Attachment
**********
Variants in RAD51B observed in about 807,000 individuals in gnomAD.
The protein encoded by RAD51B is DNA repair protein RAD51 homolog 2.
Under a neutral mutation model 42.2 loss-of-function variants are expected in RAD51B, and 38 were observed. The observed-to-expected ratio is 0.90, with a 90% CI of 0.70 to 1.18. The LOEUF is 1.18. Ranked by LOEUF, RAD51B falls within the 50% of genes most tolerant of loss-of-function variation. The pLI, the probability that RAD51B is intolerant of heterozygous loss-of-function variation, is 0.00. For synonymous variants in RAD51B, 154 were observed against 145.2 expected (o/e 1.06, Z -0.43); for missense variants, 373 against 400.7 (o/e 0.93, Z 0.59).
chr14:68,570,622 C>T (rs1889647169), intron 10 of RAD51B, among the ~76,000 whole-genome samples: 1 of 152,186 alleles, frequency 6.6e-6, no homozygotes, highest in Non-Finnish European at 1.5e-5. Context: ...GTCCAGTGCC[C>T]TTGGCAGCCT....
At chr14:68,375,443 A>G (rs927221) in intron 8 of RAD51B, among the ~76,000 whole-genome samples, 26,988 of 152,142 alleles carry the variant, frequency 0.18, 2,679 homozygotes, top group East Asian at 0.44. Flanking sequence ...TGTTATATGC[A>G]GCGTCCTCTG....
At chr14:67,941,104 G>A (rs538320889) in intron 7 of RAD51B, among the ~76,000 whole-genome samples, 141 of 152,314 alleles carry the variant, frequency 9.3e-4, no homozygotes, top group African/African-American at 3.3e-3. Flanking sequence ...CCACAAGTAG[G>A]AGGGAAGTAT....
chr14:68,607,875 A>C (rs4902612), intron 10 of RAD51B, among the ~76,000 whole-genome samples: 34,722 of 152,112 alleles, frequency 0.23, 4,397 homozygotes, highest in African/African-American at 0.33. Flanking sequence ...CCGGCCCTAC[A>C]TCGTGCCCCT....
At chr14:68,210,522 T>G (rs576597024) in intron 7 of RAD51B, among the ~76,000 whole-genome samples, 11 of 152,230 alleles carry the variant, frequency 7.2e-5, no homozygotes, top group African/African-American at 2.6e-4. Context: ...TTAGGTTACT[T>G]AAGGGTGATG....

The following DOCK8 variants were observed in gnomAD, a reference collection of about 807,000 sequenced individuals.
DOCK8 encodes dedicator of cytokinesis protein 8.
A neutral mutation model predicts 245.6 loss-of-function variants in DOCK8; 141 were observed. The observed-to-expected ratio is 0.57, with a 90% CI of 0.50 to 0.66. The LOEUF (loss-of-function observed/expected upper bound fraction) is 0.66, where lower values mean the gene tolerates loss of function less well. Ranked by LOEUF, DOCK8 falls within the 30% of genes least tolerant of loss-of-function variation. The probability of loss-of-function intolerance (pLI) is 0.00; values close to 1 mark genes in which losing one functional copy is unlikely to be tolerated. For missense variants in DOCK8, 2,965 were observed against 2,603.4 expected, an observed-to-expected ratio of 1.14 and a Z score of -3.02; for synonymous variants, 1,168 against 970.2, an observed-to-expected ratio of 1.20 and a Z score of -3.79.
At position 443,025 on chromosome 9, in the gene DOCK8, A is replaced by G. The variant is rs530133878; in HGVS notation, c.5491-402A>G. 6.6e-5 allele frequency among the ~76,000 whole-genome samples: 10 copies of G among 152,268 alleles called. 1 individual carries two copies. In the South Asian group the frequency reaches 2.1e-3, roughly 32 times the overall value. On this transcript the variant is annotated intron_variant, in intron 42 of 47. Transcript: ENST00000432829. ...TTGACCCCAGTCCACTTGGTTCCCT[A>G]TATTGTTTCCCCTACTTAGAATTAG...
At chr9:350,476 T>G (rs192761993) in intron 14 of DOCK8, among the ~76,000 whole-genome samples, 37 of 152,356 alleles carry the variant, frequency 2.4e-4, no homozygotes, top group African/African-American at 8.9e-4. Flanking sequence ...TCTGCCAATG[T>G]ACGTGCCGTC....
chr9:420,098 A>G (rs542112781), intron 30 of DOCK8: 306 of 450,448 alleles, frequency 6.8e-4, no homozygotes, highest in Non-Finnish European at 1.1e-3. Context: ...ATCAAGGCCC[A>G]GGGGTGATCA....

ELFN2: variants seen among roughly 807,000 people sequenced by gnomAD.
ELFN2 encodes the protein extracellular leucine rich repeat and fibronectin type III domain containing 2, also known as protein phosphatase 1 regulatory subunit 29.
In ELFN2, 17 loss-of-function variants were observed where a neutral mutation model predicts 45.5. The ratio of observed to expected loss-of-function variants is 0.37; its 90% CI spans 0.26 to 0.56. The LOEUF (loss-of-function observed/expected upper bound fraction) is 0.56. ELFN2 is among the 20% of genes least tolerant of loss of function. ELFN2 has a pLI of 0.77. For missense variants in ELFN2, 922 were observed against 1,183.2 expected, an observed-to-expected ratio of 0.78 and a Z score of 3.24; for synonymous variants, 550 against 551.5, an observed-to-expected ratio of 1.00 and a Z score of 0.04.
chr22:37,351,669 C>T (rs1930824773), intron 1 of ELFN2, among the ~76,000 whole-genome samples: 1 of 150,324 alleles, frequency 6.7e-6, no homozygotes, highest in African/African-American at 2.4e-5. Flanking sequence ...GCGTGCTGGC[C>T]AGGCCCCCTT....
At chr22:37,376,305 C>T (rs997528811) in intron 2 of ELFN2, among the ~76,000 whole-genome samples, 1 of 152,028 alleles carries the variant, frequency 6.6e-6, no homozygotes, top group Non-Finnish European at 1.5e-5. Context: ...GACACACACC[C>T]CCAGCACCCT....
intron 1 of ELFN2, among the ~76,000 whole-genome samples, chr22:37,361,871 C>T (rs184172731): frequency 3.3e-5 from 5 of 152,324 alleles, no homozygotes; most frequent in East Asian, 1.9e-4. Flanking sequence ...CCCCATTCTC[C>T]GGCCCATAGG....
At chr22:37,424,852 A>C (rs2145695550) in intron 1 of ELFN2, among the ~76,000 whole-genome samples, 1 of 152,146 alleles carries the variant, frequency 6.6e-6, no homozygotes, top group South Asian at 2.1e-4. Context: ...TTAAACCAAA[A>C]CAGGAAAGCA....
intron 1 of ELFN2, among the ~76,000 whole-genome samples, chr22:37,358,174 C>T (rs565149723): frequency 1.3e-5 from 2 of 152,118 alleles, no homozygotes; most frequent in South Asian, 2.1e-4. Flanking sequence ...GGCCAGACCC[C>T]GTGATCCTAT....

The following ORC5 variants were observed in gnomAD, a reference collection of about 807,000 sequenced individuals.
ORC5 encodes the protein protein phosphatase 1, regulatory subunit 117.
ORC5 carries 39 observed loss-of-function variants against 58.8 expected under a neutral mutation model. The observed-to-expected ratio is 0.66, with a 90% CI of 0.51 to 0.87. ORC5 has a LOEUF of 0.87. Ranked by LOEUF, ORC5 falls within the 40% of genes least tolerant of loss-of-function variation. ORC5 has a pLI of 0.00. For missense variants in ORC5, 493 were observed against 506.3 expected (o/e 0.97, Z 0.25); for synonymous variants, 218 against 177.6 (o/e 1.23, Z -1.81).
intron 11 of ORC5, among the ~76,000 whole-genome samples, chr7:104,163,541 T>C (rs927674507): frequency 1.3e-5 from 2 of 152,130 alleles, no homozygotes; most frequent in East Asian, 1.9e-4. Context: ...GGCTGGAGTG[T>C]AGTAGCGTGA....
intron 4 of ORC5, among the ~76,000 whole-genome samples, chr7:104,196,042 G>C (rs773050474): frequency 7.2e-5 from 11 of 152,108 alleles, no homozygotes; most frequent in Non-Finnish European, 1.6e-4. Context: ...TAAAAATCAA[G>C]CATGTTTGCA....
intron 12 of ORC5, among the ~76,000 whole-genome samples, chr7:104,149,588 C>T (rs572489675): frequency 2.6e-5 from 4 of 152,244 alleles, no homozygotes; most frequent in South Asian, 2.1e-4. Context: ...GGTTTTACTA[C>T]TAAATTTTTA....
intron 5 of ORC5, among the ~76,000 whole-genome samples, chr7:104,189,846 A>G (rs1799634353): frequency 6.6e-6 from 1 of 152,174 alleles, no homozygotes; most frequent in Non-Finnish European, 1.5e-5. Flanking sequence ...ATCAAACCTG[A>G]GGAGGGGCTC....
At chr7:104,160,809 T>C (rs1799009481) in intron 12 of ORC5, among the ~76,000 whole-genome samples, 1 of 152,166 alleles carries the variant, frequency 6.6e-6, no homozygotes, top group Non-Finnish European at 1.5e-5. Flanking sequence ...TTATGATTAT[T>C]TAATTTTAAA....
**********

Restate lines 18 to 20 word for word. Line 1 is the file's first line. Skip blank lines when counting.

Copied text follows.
chr22:37,351,669 C>T (rs1930824773), intron 1 of ELFN2, among the ~76,000 whole-genome samples: 1 of 150,324 alleles, frequency 6.7e-6, no homozygotes, highest in African/African-American at 2.4e-5. Flanking sequence ...GCGTGCTGGC[C>T]AGGCCCCCTT....
At chr22:37,376,305 C>T (rs997528811) in intron 2 of ELFN2, among the ~76,000 whole-genome samples, 1 of 152,028 alleles carries the variant, frequency 6.6e-6, no homozygotes, top group Non-Finnish European at 1.5e-5. Context: ...GACACACACC[C>T]CCAGCACCCT....
intron 1 of ELFN2, among the ~76,000 whole-genome samples, chr22:37,361,871 C>T (rs184172731): frequency 3.3e-5 from 5 of 152,324 alleles, no homozygotes; most frequent in East Asian, 1.9e-4. Flanking sequence ...CCCCATTCTC[C>T]GGCCCATAGG....